After Scott said he would donate his salary to charity, Wiles e-mailed transition director Enu Mainigi: "As discussed, that 'charity' is the governor's staff salary pool. Is that still the plan? If so, need to tell Rick." Scott is not taking a salary but has been criticized by Democrats for paying many of his top advisers more than previous administrations.

In another e-mail, Fritz Brogan, Mainigi's assistant, e-mailed Wiles and policy adviser Mary Anne Carter asking why Jordan Karem, who had worked on Scott's primary campaign, was on the payroll. "Enu wanted to know where that came from."

"We discussed him at dinner at China Grill," Carter replied.

Mainigi then wrote: "I don't recall discussing him. We need to discuss (because) Rick can't stand him."

In a separate string of e-mails, Carter asked to meet with budget adviser Donna Arduin and the Office of Policy and Budget staff before they met with Scott.

"Are we not better off going through it without RLS (shorthand for Richard Lynn Scott) and then determine what decisions need to be made?" Carter asked. "If there are going to be areas where policy and politics collide, I think it's best to know ahead of time and not have him involved in initial conversations."

Arduin, who was Bush's former budget director, wasn't having it. "You will see how budget meetings go by observing tomorrow," Arduin wrote. "The meetings are the governor meeting with his (budget) staff and making decisions."

Arduin then wrote to Wiles: "Keep the governor out of his budget decisions because we don't want him involved in political decisions … really??!!!"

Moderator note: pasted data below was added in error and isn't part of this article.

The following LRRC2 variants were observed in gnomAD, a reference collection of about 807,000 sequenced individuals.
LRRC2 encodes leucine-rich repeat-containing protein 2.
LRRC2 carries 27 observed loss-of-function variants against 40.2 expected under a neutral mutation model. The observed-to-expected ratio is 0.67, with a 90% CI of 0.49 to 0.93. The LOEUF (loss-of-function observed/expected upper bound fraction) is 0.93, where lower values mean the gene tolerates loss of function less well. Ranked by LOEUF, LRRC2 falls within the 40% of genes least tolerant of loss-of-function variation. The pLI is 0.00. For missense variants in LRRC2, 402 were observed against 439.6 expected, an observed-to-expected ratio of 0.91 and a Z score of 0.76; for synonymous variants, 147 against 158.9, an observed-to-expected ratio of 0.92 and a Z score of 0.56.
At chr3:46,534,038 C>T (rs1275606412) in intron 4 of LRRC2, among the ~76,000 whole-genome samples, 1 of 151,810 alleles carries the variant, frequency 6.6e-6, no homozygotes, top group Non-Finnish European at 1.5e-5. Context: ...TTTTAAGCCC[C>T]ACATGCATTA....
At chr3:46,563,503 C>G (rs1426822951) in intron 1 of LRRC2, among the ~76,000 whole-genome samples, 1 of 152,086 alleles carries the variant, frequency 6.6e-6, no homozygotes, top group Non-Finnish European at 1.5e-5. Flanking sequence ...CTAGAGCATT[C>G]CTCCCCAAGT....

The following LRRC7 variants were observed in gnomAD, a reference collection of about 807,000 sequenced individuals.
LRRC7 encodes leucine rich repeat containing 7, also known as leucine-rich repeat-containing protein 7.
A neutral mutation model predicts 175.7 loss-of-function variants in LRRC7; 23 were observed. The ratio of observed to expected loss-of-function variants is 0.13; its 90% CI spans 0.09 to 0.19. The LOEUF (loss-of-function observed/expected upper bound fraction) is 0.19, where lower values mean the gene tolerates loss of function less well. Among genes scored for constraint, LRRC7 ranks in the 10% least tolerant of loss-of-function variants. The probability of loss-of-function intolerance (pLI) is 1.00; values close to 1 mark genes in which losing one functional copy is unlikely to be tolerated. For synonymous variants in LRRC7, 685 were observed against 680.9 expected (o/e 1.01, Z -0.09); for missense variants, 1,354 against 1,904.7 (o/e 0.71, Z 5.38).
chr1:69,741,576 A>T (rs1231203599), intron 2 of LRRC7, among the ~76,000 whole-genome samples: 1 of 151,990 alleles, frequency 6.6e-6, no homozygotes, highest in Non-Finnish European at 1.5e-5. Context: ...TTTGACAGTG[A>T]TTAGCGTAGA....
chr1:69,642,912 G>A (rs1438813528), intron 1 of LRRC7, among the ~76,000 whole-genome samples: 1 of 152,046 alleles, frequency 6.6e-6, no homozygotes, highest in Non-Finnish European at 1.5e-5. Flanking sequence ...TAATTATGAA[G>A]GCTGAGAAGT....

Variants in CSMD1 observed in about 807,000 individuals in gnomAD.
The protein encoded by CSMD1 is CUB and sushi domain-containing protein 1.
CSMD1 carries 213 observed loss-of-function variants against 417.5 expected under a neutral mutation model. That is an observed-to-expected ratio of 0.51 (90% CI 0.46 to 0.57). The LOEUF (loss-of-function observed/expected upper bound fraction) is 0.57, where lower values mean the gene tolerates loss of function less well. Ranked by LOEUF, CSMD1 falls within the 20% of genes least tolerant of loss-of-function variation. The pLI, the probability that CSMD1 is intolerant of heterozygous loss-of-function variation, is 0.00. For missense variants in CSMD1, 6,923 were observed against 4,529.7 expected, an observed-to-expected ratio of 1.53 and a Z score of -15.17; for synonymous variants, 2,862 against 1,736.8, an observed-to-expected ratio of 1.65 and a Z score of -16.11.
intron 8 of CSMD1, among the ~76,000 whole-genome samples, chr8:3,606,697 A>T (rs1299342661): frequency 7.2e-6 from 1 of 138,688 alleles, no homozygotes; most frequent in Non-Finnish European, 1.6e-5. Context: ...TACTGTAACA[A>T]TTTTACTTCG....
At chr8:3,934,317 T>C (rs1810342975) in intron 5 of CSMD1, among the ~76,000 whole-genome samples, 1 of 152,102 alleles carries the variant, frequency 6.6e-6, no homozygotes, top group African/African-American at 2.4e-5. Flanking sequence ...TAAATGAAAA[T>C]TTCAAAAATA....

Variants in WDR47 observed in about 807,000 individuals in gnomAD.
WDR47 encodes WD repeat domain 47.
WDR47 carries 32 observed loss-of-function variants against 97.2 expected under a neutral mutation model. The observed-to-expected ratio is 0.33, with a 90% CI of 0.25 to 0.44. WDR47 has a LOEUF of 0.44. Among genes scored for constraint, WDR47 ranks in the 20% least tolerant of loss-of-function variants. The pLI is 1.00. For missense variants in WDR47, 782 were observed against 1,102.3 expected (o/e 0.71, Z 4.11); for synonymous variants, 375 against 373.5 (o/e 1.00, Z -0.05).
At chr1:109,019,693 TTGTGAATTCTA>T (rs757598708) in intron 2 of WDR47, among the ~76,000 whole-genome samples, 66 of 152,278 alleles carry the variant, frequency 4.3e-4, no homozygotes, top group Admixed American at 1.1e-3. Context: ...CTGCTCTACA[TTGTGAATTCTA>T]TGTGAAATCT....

"This process is beyond amazing to me," Wiles replied.

Michael C. Bender can be reached at

Scott transition team knew of e-mail deletions in March, records show 08/27/11 [Last modified: Saturday, August 27, 2011 11:02pm]
Photo reprints | Article reprints

© 2017 Tampa Bay Times


Join the discussion: Click to view comments, add yours

  1. Jones: Bucs need success to get national respect


    Tampa Bay Times columnist Tom Jones offers up his Two Cents on the world of sports.

    No respect

    Tampa Bay Buccaneers head coach Dirk Koetter walks the field during the second day of mandatory minicamp at One Buccaneer Place in Tampa, Fla., on Wednesday, June 14, 2017. LOREN ELLIOTT   |   Times
  2. Hopes fade after landslide destroys Chinese village (w/video)


    Crews searching through the night in the rubble left by a landslide that buried a mountain village under tons of soil and rocks in southwestern China found 15 bodies, but more than 110 more people remained missing.

    Vehicles and people line a road leading to the site of a landslide in Xinmo village in Mao County on Saturday in southwestern China’s Sichuan Province. More than 100 people remained missing after the village was buried under tons of rocks and soil.
  3. Rookie Jake Faria dissatisfied with performance in Rays' loss to Orioles

    The Heater

    ST. PETERSBURG — The rookie pitcher walked to his locker Saturday after tossing the fourth quality start in as many tries to begin his career. He held the potent Orioles bats to three runs and for six innings gave his team a chance to win.

    Orioles third baseman Manny Machado tags out the Rays’ Mallex Smith at third after a rundown in the first inning.
  4. Thousands converge in two St. Pete locations celebrating LGBT rights

    Human Interest

    ST. PETERSBURG — Tom Rockhill didn't know what to expect Saturday, but by noon people were knocking on the door of his bar Right Around the Corner in Grand Central.

    (From left to right) Emma Chalut 18, gets a rainbow sticker on her cheek from her sister Ellie, 15 both of Jacksonville before the annual St. Pete Pride parade in downtown St. Petersburg on Saturday. This year the route was changed from the Grand Central and Kenwood area to Bayshore Drive.
[EVE EDELHEIT   |   Times]
  5. Retired Florida Supreme Court Justice Parker Lee McDonald dies

    TALLAHASSEE — A former Florida Supreme Court justice, who wrote a decision that prevented lawyers from excluding jurors because of their race, has died.

    Former Florida Supreme Court Justice Parker Lee McDonald died Saturday, the court said in a statement. He was 93.